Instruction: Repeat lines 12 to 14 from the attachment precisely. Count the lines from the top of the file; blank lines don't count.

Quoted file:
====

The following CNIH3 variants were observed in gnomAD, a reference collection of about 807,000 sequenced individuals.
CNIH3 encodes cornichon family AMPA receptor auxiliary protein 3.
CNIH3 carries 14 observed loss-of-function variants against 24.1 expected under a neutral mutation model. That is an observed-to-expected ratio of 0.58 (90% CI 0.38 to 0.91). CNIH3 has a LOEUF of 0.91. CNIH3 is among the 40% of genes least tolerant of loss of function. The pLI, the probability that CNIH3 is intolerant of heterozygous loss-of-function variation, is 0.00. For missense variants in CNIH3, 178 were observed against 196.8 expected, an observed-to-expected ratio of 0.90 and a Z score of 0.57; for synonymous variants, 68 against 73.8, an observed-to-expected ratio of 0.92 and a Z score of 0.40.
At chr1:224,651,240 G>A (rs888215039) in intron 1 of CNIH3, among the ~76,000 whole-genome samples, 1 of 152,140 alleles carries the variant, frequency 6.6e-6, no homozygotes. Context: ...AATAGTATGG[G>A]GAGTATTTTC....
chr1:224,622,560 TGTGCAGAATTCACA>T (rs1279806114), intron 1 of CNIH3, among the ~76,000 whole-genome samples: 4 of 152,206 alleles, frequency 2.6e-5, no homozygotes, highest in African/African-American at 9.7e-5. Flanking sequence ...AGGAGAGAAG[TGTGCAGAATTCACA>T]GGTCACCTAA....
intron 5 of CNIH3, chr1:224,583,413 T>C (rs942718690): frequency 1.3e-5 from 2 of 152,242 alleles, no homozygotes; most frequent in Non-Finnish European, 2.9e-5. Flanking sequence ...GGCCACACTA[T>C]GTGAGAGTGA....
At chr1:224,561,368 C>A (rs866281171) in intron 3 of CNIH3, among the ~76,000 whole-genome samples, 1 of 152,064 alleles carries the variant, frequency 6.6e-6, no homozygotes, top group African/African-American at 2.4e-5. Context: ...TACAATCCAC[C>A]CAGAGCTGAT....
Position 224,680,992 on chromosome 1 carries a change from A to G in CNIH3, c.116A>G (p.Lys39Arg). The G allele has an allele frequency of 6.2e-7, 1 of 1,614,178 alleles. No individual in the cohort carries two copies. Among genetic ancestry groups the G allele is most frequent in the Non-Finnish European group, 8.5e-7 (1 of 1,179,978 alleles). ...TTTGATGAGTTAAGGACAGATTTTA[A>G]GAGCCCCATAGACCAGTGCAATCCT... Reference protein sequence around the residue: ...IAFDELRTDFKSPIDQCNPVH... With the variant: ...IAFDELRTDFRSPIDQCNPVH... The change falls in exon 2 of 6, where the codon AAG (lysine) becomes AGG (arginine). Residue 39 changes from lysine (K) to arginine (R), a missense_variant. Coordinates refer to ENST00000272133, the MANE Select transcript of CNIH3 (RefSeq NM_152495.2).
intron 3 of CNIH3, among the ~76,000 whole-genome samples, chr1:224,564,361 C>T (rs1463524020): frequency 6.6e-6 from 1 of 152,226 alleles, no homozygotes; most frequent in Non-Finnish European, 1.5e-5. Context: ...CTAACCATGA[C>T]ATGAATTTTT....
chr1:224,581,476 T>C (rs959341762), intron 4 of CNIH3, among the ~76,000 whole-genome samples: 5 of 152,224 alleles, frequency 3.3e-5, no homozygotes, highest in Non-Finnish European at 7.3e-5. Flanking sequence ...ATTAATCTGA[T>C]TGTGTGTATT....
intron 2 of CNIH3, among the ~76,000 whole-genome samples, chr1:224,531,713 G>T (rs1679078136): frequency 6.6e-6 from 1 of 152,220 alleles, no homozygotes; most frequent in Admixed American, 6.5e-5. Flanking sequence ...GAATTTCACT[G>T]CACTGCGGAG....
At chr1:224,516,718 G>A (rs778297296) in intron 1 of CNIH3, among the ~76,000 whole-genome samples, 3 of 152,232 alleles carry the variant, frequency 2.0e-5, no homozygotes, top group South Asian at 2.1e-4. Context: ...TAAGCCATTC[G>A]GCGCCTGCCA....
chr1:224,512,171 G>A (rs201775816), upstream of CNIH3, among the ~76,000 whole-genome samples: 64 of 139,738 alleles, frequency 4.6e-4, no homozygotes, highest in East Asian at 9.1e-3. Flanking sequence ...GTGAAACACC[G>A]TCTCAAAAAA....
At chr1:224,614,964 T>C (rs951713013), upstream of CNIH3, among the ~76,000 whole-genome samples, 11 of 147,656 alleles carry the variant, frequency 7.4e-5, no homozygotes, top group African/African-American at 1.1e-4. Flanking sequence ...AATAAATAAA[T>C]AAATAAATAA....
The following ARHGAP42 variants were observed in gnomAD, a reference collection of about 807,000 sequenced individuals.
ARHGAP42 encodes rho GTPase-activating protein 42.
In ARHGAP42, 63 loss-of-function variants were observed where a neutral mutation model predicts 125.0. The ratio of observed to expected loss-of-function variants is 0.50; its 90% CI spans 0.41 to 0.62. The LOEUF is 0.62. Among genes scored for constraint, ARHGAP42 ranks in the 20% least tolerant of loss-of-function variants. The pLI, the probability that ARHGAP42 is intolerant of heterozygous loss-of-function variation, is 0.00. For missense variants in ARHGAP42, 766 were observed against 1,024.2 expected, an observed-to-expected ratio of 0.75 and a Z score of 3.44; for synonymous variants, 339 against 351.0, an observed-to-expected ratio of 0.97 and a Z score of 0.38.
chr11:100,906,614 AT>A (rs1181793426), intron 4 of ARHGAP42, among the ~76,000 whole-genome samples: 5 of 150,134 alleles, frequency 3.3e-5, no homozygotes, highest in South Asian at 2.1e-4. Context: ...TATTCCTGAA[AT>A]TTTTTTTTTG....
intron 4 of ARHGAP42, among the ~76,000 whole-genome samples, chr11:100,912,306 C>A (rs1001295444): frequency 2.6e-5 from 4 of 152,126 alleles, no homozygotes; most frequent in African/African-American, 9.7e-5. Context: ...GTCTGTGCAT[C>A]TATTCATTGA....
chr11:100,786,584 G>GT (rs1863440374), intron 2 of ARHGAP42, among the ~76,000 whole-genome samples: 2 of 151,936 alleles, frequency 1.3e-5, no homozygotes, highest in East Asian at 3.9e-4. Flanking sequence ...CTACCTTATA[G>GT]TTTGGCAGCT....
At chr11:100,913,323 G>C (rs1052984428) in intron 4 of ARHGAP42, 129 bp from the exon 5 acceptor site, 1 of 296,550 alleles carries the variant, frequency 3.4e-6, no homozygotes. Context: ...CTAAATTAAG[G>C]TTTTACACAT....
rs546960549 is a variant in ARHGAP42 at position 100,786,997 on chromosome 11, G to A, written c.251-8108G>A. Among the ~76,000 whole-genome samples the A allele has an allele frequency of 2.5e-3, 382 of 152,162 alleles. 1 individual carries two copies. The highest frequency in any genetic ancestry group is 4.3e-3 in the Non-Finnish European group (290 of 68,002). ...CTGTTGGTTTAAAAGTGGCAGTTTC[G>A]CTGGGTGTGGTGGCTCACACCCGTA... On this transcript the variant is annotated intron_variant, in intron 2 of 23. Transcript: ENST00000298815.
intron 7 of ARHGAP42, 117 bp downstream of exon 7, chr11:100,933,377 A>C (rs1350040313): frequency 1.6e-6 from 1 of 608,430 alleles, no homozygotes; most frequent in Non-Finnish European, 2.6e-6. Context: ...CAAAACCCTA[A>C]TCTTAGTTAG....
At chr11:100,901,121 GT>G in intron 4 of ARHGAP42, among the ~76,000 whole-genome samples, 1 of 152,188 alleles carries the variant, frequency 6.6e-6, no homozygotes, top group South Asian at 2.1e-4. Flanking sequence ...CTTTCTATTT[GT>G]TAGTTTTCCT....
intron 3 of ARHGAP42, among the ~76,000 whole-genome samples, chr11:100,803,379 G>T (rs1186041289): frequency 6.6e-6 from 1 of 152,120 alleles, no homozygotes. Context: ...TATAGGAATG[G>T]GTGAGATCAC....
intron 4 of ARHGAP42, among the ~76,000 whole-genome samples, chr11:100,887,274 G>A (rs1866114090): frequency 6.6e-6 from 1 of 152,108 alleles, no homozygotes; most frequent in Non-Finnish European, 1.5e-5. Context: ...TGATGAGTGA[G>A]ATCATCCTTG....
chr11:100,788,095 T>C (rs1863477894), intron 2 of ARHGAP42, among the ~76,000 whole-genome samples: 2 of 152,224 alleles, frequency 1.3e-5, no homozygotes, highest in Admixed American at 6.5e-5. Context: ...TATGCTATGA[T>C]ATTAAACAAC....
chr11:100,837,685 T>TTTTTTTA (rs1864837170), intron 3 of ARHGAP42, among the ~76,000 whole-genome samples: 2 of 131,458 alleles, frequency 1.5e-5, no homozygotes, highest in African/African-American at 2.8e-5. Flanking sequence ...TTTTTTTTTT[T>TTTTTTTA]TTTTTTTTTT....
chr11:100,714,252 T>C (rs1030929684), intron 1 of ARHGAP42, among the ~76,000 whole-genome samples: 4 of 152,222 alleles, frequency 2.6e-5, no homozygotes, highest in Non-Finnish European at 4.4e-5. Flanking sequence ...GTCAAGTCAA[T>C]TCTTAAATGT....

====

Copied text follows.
At chr1:224,516,718 G>A (rs778297296) in intron 1 of CNIH3, among the ~76,000 whole-genome samples, 3 of 152,232 alleles carry the variant, frequency 2.0e-5, no homozygotes, top group South Asian at 2.1e-4. Context: ...TAAGCCATTC[G>A]GCGCCTGCCA....
chr1:224,512,171 G>A (rs201775816), upstream of CNIH3, among the ~76,000 whole-genome samples: 64 of 139,738 alleles, frequency 4.6e-4, no homozygotes, highest in East Asian at 9.1e-3. Flanking sequence ...GTGAAACACC[G>A]TCTCAAAAAA....
At chr1:224,614,964 T>C (rs951713013), upstream of CNIH3, among the ~76,000 whole-genome samples, 11 of 147,656 alleles carry the variant, frequency 7.4e-5, no homozygotes, top group African/African-American at 1.1e-4. Flanking sequence ...AATAAATAAA[T>C]AAATAAATAA....